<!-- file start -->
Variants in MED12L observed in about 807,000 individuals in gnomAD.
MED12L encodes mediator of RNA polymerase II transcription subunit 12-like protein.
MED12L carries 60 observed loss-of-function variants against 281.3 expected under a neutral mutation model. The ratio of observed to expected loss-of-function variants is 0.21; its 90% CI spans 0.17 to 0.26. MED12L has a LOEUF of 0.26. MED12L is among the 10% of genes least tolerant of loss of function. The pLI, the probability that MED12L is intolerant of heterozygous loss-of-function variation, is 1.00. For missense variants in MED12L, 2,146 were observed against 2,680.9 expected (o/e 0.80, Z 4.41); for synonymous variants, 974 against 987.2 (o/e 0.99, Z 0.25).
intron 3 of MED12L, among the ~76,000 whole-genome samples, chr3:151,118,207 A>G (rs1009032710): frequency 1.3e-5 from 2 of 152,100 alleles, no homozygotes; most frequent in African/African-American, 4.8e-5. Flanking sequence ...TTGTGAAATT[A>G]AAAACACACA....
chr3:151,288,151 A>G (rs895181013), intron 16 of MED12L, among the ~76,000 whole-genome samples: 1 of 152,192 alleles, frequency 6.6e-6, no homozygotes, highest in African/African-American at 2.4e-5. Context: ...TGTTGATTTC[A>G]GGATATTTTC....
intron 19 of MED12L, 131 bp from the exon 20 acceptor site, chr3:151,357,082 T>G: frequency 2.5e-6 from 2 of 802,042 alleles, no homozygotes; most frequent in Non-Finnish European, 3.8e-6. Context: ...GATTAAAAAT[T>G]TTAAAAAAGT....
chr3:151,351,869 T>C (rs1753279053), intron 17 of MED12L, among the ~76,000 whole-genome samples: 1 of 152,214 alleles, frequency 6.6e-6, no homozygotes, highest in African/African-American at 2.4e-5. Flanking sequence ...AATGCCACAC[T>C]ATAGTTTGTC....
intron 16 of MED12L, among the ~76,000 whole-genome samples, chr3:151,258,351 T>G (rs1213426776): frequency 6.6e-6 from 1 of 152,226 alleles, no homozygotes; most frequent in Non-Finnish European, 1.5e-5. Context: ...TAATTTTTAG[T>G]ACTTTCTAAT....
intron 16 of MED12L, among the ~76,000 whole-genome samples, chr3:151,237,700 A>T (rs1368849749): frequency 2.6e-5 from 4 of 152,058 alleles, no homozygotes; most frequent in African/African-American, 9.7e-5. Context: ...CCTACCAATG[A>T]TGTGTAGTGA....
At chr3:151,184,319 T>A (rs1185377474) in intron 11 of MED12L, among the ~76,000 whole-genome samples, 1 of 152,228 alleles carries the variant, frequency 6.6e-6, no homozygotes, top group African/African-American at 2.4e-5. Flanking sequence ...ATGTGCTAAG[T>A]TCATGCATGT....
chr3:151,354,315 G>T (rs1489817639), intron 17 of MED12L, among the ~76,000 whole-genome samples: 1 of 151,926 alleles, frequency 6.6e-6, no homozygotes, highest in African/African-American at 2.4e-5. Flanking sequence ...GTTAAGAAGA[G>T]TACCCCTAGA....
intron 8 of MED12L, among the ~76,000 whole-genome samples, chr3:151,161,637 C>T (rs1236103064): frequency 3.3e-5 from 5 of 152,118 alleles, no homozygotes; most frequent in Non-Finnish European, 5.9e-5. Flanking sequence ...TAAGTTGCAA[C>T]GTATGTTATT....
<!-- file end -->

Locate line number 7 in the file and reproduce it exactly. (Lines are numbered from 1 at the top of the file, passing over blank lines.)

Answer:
chr3:151,351,869 T>C (rs1753279053), intron 17 of MED12L, among the ~76,000 whole-genome samples: 1 of 152,214 alleles, frequency 6.6e-6, no homozygotes, highest in African/African-American at 2.4e-5. Flanking sequence ...AATGCCACAC[T>C]ATAGTTTGTC....